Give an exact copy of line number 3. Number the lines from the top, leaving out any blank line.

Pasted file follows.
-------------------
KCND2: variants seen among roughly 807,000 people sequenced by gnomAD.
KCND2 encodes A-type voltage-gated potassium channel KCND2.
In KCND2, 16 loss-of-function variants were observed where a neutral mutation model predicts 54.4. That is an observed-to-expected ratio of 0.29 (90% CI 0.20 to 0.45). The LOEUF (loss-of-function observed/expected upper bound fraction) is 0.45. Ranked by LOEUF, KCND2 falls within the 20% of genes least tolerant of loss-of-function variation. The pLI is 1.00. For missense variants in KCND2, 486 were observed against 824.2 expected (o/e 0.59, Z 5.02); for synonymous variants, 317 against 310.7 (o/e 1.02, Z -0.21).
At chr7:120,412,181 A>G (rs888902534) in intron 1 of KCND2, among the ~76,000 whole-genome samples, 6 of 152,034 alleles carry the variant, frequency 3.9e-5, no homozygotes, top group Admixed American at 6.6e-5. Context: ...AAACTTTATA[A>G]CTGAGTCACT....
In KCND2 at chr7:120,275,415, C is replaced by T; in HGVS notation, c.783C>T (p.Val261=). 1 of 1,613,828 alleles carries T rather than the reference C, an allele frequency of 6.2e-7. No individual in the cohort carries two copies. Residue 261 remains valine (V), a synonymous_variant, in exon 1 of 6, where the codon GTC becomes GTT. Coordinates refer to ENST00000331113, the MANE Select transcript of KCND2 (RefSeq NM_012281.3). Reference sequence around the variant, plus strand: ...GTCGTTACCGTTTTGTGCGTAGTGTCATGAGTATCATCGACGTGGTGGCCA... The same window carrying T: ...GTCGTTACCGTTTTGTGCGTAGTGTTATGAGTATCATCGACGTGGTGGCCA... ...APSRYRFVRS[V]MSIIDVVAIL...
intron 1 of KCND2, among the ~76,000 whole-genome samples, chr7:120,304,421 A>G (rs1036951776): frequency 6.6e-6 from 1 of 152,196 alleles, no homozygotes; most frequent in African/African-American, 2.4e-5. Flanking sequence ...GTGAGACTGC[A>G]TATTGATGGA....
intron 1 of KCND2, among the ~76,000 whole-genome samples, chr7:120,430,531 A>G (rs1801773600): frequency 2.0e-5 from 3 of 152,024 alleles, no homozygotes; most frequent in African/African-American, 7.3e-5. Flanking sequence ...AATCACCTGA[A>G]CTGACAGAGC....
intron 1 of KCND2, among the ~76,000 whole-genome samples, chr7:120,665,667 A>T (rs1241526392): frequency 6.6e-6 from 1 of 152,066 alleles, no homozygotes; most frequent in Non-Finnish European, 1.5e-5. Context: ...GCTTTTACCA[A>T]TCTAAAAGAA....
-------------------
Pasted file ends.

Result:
In KCND2, 16 loss-of-function variants were observed where a neutral mutation model predicts 54.4. That is an observed-to-expected ratio of 0.29 (90% CI 0.20 to 0.45). The LOEUF (loss-of-function observed/expected upper bound fraction) is 0.45. Ranked by LOEUF, KCND2 falls within the 20% of genes least tolerant of loss-of-function variation. The pLI is 1.00. For missense variants in KCND2, 486 were observed against 824.2 expected (o/e 0.59, Z 5.02); for synonymous variants, 317 against 310.7 (o/e 1.02, Z -0.21).